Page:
John Okulick (born 1947) is esteemed for his abstract sculpture and spatial experimentation. His works address concepts of man and machine, pictorial flatness and depth, and representational motion within abstraction. Alternately hailed as an “extension of Cubism,” as a postmodern illusionist, and even as a sci-fi-age maverick, Okulick creates fascinatingly complex shape-pieces that are as visually dynamic as they are beautiful to look at.
Born in 1947 in New York City to first-generation Russian and Italian parents, John Okulick moved all over the country as a child while his father was in the military. His family eventually settled in southern California, where Okulick went on to receive a B.A. from UC Santa Barbara and an M.F.A. from UC Irvine. Okulick’s overlapping interests in art and carpentry gradually bloomed into career aspirations, and he started making sculptures out of a small studio in Costa Mesa, California. He proved to be a prodigious talent. Before he finished his graduate work at UC, he had already had his art exhibited at two solo shows—one at the Nancy Hoffman Gallery in New York and one at the Jack Glenn Gallery in Corona del Mar, California.
Following his initial success, Okulick moved to Los Angeles in the mid-1970s. He settled in Santa Monica with his wife and two children. Later, he purchased and began working out of a larger studio in Venice.
Initially, Okulick worked with painted wood and readymade materials, both of which he still uses today in concert with other media including metal. In the 1970s his sculpture typically looked like abstract wooden boxes or x-shapes, sometimes painted in colorful checkerboard patterns. By the early 1980s, he had begun to make wall-pieces, complex three-dimensional tapestries of shapes that are somewhere between sculptures, paintings, and puzzles. To create them, Okulick started with drawings, and then carefully designed interlocking configurations of forms that would look like his sketch when viewed head-on. In these wall-pieces, which went on to include Water’s Edge (1986), the shapes seem to jut forward farther than they physically do, and to recede into the space of the wall—a physical impossibility, but convincingly masked by Okulick’s optical illusions.
Since Okulick’s first shows, critics have noted his works’ unique angular energy and spatial contortionism, achieved through a combination of geometric and mechanical forms, as well as through his use of ungraded colors that do not conform to traditional chiaroscuro-based spatial illusion. A review of his show at the Nancy Hoffman Gallery in 1986 praised his style as a “contemporary extension of Cubism” that “questions received wisdom pertaining to the representation of objects in space.” But although Okulick’s semi-abstract style has earned comparisons to the purism of Ferdinand Léger and Amédée Ozenfant, his art has never been only abstract or academic. Okulick’s formal play is as much human as it is mechanical. The wall-pieces have a representational quality, belied by their abstract appearance but still visible. For instance, he uses “strands of raffia” that “seem as clean and beautiful as freshly washed hair,” as well as overall compositions that resemble eyes or even whole human figures. Sometimes the overlap of man and machine is present through absence: in Water’s Edge, empty stairs invite the spectator to walk into the distorted space of the work, implicitly pulling a human presence into the geometry.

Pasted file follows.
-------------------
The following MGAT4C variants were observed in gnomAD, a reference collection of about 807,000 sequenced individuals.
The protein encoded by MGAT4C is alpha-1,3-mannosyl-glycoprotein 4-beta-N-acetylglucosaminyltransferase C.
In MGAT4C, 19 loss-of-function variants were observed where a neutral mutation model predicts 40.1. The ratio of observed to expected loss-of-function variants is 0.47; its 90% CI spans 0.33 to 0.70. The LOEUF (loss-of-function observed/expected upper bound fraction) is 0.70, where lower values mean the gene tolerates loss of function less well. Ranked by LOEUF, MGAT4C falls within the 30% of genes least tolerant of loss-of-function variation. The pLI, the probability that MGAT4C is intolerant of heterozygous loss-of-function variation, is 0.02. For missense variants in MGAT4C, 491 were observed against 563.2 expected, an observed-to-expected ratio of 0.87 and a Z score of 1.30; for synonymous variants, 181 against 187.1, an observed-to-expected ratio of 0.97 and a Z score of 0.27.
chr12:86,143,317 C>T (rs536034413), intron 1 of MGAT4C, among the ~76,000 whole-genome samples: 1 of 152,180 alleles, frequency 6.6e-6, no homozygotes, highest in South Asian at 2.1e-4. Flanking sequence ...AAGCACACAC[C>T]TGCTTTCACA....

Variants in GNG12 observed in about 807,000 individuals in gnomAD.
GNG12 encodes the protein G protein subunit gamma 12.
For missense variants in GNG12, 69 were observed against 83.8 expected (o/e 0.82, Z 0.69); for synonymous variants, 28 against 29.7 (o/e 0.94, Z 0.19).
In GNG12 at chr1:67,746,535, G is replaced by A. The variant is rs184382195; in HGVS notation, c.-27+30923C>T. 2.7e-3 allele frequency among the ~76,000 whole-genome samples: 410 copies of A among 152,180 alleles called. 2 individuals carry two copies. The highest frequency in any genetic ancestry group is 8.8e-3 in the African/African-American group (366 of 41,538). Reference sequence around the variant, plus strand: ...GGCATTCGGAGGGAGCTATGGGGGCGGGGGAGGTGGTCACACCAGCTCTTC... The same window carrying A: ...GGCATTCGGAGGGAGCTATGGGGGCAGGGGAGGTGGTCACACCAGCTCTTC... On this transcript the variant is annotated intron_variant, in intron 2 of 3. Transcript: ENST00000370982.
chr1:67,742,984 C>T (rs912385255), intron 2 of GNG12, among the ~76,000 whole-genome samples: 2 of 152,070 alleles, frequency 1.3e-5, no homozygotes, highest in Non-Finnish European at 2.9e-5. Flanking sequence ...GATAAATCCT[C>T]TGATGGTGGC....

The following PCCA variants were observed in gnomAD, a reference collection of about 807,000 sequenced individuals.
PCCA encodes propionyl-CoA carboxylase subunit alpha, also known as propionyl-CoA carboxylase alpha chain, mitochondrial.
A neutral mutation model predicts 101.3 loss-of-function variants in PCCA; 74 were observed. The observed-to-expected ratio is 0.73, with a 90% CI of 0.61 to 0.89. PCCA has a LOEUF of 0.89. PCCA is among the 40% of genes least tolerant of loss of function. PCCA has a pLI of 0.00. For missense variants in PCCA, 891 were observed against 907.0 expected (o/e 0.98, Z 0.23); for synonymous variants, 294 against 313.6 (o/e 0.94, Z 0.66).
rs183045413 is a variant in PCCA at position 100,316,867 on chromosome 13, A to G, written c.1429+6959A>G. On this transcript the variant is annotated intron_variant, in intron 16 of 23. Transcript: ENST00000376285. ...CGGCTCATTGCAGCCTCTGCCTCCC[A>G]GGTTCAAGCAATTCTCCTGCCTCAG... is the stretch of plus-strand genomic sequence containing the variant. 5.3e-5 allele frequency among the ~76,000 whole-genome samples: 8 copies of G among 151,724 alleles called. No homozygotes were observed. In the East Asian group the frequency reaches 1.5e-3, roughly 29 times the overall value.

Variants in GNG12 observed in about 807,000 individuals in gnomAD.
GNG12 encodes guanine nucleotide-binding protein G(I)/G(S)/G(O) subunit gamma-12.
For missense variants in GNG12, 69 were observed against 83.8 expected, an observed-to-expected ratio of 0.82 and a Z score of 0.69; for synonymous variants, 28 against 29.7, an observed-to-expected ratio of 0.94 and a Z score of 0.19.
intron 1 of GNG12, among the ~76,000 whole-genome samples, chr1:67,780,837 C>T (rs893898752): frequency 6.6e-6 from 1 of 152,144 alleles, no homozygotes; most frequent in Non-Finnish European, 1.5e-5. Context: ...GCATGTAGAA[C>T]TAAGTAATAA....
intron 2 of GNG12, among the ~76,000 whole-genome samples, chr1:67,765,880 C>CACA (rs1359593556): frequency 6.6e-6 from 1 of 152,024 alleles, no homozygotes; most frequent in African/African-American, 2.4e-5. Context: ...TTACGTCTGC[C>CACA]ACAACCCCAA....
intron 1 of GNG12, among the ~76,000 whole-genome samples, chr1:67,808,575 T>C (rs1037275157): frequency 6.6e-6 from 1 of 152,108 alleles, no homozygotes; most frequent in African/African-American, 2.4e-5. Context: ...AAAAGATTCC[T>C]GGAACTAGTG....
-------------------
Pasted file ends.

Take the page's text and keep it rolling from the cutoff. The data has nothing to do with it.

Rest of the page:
Okulick’s mid-1980s wall-pieces are a clear highpoint in his spatial experimentation. They are crowded but not jumbled: each piece serves a specific spatial function, sometimes lifting its neighboring shapes upwards, sometimes pulling them back into the wall depending on the way the forms intersect. Okulick’s precise articulation of each junction between the shapes results in a complex mass that seems to be floating. The space between the pieces adds to the floating sensation. The works feel light and airy.
Although they vary in form, Okulick’s 1980s works were consistent in their human-mechanical themes and their elliptical feel—elliptical in the sense of a felt absence or spacey-ness, as well as in the sense of an oval shape. But while his vision in the 1980s was consistent, it was far from stagnant. In fact, Water’s Edge itself represents a major turning point in Okulick’s artistic vision. He was moving away from a predominantly geometric style towards new, visibly anthropomorphic forms that more aggressively mixed man and machine. In Water’s Edge one can still see the elliptical configuration typical of Okulick’s 1980s work, but the piece’s limb-like protruding staircases and wood planks give the piece a uniquely human sensibility that hints at Okulick’s experiments in the 1990s.
In recent years, Okulick has pared down his pieces, opting for unpainted wood and metal arranged in black-and-beige patterns. He has also created a number of large, public, site-specific works, in various cities including Los Angeles. Since the 1970s he has been featured in over 100 exhibitions, including 30 solo shows, and his work is on view at a number of prominent museums and galleries in the U.S. He continues to live and work in California.